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May 06, 2019

Making a 'to do' list for trauma doctors

Drexel study: Digital checklist can support trauma teams without hampering performance

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Drexel University Trauma Checklist Tablet 05062019 Photo courtesy/Drexel University

Researchers from Drexel University's College of Computing & Informatics and doctors from Children's National Medical Center designed and tested the first digital checklist for trauma centers.

Checklists are a doctor's best friend.

In trauma centers, they can help them make life-or-death decisions without delay in a hospital environment where seconds are vital in the effort to save lives.

A 2013 Johns Hopkins study showed that use of a checklist – with reminders about effective hand-washing, instrument sterilization and anti-contamination methods – dramatically cut infection rates during common intravenous insertion procedures in intensive care units. The simple lists have become a mainstay of medical care.

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Now researchers at Drexel University are working on developing and implementing the first digital procedural checklist for trauma centers, the institution announced Monday.

Two Drexel researchers recently presented a paper at the international Conference on Human Factors in Computing Systems in Scotland on "nearly a decade of research, design, development and testing that produced the first tablet-based digital checklist for trauma centers."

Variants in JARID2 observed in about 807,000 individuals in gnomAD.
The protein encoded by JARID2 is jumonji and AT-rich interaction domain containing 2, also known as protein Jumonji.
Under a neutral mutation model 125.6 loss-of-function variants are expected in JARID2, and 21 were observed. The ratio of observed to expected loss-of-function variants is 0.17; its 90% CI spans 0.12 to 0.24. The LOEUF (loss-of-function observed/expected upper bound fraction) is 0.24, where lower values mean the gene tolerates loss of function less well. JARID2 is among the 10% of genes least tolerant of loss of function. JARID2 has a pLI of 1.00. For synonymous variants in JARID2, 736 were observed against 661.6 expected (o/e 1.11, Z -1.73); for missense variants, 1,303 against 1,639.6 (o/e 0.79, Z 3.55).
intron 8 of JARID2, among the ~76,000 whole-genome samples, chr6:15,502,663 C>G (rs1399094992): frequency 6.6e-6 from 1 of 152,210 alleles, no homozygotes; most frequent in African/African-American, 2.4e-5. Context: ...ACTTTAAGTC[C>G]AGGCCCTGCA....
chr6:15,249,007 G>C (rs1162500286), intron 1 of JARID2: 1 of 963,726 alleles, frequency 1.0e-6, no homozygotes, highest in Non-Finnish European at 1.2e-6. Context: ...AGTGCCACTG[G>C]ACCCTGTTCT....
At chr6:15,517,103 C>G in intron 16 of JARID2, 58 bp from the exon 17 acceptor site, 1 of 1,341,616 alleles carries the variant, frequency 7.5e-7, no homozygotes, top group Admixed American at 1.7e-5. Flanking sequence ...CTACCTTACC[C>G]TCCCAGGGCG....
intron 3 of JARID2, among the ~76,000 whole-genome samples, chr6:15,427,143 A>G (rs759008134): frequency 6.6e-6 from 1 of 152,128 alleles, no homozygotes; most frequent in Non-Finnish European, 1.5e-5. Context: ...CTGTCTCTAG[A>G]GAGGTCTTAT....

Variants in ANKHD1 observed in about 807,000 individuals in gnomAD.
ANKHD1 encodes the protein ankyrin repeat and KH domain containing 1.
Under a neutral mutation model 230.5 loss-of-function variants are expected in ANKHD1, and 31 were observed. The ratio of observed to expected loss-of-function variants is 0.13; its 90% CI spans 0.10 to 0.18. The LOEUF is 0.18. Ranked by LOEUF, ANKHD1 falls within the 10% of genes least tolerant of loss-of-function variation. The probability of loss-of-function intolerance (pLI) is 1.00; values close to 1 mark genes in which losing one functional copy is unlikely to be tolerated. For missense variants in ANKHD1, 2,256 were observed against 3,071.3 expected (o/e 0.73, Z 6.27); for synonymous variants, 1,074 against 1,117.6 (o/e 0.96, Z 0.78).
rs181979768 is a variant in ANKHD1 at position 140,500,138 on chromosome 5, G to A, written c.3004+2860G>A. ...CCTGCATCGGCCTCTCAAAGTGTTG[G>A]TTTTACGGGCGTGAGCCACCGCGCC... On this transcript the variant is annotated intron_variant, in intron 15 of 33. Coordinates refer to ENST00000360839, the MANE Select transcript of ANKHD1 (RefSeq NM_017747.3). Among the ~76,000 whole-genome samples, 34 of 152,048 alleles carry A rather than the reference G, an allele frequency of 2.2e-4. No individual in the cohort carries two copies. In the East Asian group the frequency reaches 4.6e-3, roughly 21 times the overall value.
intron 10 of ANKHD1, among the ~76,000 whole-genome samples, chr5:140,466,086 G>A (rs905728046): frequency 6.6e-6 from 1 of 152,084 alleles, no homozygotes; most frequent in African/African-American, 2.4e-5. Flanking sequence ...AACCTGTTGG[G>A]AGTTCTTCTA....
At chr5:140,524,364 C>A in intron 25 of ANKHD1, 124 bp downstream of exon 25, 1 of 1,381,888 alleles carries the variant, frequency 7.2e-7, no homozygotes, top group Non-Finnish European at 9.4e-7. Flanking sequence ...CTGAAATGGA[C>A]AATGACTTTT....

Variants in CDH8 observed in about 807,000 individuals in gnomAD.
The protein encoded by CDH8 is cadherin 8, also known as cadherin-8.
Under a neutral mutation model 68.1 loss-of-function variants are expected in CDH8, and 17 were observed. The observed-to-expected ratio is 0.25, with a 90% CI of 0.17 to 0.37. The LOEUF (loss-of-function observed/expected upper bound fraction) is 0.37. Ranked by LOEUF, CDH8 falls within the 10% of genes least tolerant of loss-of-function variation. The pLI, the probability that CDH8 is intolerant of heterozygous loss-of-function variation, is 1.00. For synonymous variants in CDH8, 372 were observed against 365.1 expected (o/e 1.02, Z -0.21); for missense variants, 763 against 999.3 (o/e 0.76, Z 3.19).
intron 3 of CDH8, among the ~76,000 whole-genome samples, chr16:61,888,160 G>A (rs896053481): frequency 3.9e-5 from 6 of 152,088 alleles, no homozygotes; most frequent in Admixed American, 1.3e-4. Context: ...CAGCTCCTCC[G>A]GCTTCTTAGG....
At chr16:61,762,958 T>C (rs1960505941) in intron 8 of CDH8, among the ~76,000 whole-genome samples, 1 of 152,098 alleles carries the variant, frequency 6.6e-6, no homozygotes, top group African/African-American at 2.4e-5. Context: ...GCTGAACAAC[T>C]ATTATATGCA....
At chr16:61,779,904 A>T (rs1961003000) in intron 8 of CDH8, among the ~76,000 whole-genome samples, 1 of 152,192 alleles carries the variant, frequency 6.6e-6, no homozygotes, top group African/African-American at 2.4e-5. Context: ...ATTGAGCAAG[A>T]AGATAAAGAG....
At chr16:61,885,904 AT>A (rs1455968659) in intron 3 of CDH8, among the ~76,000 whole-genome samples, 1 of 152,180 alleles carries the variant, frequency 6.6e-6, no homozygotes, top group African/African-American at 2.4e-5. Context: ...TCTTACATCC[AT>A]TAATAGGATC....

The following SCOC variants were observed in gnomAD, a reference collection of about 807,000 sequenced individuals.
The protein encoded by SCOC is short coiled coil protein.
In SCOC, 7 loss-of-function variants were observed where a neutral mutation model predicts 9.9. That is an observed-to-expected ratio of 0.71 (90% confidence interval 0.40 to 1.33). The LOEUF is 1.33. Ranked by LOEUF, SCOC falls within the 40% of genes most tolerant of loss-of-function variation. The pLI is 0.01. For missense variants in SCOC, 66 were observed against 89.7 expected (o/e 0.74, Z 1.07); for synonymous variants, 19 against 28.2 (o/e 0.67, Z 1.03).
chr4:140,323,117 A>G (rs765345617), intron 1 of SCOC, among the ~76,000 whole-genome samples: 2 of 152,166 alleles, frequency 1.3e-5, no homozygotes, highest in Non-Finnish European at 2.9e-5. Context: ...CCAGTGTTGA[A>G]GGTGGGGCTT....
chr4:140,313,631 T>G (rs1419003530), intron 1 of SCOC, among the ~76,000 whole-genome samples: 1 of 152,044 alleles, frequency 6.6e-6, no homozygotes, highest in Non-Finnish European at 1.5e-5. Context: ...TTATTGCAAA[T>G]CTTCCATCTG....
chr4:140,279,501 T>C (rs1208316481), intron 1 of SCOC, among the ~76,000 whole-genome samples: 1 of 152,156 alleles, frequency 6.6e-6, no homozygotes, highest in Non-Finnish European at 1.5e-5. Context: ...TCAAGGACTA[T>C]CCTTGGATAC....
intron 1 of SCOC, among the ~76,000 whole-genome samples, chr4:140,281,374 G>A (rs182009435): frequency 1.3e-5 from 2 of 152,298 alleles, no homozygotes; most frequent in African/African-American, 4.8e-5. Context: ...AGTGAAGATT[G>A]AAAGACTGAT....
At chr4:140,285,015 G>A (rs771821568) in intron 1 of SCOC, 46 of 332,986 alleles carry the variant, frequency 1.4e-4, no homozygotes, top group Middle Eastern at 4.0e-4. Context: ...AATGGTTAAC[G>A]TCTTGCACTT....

Leah Kulp, a Ph.D. candidate, and Aleksandra Sarcevic, Ph.D., an associate professor, both in Drexel's College of Computing & Informatics, shared their conclusion that a digital checklist can help doctors without causing any delay in the trauma resuscitation process.

"While it might seem intuitive that intense and dynamic setting of a trauma center could benefit from having a cognitive aid and a better way to record everything that's going on, introducing new technology can actually be a setback at first - and that's something doctors in trauma centers just can't afford," Sarcevic said in a news release. "Finding that our digital checklist did not have an adverse effect on the trauma teams' performance is an important indicator of success for our process of design and implementation."

The Philadelphia team worked with doctors from the Children's National Medical Center in Washington, D.C. Sarcevic first participated in the development of the checklist in paper form alongside Dr. Randall Burd, a co-author, and his collaborators at Children's National. After nearly a year of revisions, the digital checklist included some 55 tasks, from steps to prepare for the arrival of a patient to standard observations and checking vital signs to more advanced examinations and tests.

Using findings from testing of the paper checklist, Sarcevic's team focused on the most crucial tests and procedures, sequencing them in an intuitive order while accounting for the important eccentricities that pop up while using the checklist.

The checklist went through 10 major design updates before it was finalized for full-scale testing.

"It was exciting to see our work being used in real trauma settings and to get input from the team leaders who were the first ones to use it," Kulp said. "Listening to the doctors and understanding how they used the list both to take notes and to keep things in order really helped us to make informed design changes over time."

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